On November 16, 2012, Katsunori Yamazato will speak on the topic “The Resurgence of Okinawan Language through Contemporary Okinawan Literature.” A professor at the University of the Ryukyus, Professor Yamazato will be making his presentation from 3 to 4 p.m. in the Tokioka Room, room 319 of Moore Hall, on the UHM Campus.
His talk is part of the distinguished lecturer series sponsored by the UHM Colleges of Arts and Sciences and the Dai Ho Chun Endowment.
Beginning in the Meiji Era, the Japanese central government began forcing the Japanese language on the people of the former Ryukyuan Kingdom, which they had annexed. In the quest to create a more powerful Japanese nation, unified through a single language (kokugo), Ryukyuan languages were disparaged as merely dialects (hōgen). In public schools, children were educated to identify themselves as culturally Japanese and were forbidden to speak their own language.
The prejudice against Ryukyuan languages—as a result of their being regarded as forms of inferior Japanese—became ingrained and persists into the present, accelerating the loss of the languages.
However, this condition is not irreversible. A new generation of scholars, citizens, writers, and educators is working to revitalize Ryukyuan languages. Literary authors are at the forefront of this movement, as Professor Yamazato will explain.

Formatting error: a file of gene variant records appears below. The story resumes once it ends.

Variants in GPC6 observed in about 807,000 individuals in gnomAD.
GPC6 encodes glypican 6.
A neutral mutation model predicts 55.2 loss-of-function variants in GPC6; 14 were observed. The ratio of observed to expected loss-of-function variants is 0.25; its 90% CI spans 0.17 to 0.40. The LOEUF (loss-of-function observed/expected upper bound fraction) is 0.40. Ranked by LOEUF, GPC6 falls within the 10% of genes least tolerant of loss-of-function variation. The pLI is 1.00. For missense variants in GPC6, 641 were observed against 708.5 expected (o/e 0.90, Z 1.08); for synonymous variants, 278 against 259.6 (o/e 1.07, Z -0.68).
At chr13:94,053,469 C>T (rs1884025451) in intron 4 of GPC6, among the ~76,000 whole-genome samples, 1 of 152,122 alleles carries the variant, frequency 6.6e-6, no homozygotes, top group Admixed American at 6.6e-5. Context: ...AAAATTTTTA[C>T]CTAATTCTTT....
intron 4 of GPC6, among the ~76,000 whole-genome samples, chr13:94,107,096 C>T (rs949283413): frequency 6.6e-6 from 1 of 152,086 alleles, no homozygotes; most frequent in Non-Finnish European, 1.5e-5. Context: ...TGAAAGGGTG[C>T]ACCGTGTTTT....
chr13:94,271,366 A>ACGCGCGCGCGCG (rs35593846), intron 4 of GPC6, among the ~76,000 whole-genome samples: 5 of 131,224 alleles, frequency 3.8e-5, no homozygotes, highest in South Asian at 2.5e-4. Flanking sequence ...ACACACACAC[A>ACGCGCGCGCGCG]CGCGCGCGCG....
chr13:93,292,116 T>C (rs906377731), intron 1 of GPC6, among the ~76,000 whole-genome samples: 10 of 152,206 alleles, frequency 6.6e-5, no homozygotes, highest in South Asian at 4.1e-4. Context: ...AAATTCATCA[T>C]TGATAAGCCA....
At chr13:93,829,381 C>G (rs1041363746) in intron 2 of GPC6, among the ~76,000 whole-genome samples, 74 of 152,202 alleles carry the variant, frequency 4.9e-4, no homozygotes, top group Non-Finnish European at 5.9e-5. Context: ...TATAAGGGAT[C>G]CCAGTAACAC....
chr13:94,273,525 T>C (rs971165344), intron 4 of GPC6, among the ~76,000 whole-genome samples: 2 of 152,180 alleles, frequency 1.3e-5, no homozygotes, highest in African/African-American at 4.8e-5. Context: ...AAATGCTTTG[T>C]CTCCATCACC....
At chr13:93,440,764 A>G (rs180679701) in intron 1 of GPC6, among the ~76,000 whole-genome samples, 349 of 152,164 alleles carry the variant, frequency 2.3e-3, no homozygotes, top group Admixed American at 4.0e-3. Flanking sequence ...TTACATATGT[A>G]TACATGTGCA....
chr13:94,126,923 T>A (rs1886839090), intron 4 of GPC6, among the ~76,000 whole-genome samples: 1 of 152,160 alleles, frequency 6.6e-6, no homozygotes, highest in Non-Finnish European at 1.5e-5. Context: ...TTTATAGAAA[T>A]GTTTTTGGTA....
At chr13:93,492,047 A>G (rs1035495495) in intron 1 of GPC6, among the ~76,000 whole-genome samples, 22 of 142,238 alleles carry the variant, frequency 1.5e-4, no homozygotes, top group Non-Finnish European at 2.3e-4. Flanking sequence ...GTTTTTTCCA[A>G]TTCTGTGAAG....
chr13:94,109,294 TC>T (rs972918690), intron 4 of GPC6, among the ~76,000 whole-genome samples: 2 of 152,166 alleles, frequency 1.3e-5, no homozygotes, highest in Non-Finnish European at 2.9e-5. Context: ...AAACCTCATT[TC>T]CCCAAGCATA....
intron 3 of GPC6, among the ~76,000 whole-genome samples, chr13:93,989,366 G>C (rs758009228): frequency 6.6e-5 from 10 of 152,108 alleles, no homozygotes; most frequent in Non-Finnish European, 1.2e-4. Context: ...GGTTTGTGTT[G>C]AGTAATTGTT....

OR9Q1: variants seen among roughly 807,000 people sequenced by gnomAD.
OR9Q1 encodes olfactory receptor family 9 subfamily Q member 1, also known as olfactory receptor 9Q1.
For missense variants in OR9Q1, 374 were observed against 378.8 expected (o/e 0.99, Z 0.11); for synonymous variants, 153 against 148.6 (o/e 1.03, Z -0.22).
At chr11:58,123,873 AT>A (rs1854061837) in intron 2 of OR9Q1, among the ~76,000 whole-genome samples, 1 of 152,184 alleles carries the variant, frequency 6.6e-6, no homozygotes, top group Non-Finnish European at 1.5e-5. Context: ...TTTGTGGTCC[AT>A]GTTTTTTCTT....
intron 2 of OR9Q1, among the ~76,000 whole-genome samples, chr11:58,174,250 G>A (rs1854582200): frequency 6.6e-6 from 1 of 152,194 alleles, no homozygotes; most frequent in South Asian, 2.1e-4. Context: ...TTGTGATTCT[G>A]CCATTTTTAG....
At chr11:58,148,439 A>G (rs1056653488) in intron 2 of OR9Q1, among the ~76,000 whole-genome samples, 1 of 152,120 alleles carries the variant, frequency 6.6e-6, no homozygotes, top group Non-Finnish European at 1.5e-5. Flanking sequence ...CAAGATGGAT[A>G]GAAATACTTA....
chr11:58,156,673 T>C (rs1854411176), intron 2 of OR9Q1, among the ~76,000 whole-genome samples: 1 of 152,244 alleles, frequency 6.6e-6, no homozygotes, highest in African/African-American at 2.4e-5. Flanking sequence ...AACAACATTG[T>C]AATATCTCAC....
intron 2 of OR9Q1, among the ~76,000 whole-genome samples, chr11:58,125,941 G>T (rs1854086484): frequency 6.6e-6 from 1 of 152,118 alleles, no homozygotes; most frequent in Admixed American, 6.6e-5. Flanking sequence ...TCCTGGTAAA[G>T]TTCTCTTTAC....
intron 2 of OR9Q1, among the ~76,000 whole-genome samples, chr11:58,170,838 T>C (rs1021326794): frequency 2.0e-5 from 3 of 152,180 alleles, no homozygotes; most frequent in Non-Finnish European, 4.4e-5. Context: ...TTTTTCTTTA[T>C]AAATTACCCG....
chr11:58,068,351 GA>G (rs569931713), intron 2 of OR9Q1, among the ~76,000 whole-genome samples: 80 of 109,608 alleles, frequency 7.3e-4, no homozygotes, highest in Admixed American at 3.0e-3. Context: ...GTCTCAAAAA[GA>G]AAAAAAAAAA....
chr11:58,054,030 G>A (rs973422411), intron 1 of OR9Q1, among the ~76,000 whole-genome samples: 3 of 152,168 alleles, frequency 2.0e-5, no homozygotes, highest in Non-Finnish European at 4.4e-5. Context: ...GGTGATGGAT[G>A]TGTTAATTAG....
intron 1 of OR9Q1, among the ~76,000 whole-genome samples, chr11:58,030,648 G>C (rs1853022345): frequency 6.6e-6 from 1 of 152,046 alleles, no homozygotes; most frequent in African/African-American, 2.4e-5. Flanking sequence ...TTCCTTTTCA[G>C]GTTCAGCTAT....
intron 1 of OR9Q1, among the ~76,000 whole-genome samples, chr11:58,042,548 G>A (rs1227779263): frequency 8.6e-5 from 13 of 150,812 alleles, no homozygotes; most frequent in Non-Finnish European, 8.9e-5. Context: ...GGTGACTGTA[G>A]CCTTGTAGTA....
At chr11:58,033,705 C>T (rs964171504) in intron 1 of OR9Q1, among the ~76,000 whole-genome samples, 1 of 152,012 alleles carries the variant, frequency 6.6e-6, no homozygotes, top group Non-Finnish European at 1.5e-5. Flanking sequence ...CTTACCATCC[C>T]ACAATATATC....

Katsunori Yamazato is professor of American literature and culture at the University of the Ryukyus, where he is also director of the American Studies Center. He was director of “Human Migration and the Twenty-first Century Global Society,” a five-year Pacific and North/South American Research Project, and founding director of the International Institute for Okinawan Studies. In addition, he chairs the Committee for Research, Art, and Education for the Okinawa Prefecture Promotion Committee, which focuses on the revival of the Ryukyuan languages.
Professor Yamazato has published almost forty books, including translations from English into Japanese of such American writers as Gary Snyder, and compilations of the American tradition of environmental literature. His recent books as editor include Human Migration and Literature (Tokyo: Sairyusha, 2012) and Living Spirit: Literature and Resurgence in Okinawa (Honolulu: University of Hawai‘i Press, 2011).
This lecture is made possible by the late Dr. Dai Ho Chun through his estate gift, which established the Dai Ho Chun Endowment for Distinguished Lecturers at the UH-Mānoa Colleges of Arts and Sciences. Dr. Chun was a distinguished and visionary educator. Other event sponsors are the UHM College of Arts and Sciences; the UHM College of Languages, Linguistics, and Literature; the UHM Center for Okinawan Studies; and Mānoa: A Pacific Journal of International Writing.
For more information, please contact the Center for Okinawan Studies at firstname.lastname@example.org or (808)956-5754.
PDF version of the flyer